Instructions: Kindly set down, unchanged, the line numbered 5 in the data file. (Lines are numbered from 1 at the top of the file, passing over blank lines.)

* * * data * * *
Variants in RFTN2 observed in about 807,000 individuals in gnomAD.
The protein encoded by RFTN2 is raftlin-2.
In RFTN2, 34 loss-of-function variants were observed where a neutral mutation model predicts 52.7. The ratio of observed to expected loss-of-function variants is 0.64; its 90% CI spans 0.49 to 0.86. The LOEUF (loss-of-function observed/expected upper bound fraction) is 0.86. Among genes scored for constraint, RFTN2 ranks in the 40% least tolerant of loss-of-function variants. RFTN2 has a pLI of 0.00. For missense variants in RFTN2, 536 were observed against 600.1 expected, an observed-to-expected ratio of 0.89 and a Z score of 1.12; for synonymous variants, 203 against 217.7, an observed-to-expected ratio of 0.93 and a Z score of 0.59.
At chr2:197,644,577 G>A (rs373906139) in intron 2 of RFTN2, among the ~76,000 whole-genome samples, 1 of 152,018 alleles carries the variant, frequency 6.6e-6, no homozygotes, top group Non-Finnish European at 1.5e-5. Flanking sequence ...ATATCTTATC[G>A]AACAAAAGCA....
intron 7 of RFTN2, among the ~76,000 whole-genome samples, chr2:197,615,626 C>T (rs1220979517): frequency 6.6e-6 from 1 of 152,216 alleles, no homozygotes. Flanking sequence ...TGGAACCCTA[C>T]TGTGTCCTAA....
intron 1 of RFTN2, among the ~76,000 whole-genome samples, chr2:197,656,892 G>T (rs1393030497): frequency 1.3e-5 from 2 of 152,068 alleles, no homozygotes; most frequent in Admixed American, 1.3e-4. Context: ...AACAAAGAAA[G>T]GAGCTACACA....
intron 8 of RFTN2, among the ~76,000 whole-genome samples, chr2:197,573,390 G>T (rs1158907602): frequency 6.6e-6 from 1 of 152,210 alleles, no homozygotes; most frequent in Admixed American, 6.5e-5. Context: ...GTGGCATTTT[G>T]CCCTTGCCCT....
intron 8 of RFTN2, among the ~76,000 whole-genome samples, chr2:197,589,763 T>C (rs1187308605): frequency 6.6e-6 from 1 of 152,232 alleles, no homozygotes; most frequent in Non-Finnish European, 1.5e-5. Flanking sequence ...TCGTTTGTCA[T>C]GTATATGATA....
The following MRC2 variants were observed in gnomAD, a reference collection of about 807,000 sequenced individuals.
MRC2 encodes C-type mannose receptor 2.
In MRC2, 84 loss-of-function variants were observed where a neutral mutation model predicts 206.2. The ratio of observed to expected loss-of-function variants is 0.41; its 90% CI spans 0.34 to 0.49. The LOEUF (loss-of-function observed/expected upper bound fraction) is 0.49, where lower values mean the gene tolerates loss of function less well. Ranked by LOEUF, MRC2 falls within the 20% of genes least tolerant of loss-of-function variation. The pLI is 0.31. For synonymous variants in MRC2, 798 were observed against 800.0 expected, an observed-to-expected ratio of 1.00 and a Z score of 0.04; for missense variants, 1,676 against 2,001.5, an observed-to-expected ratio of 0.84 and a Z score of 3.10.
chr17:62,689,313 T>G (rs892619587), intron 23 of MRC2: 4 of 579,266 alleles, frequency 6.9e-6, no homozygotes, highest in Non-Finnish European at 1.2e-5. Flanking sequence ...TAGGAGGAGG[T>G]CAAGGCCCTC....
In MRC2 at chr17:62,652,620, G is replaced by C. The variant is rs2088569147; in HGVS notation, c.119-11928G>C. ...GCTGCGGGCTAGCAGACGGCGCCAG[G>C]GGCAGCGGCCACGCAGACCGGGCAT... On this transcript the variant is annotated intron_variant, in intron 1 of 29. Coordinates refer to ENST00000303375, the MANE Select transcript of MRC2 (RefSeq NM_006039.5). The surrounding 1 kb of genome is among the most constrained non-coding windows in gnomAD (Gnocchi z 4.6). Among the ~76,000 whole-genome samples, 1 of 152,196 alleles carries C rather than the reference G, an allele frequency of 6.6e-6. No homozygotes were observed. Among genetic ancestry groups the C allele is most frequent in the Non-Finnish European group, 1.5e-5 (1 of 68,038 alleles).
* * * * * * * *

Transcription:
intron 7 of RFTN2, among the ~76,000 whole-genome samples, chr2:197,615,626 C>T (rs1220979517): frequency 6.6e-6 from 1 of 152,216 alleles, no homozygotes. Flanking sequence ...TGGAACCCTA[C>T]TGTGTCCTAA....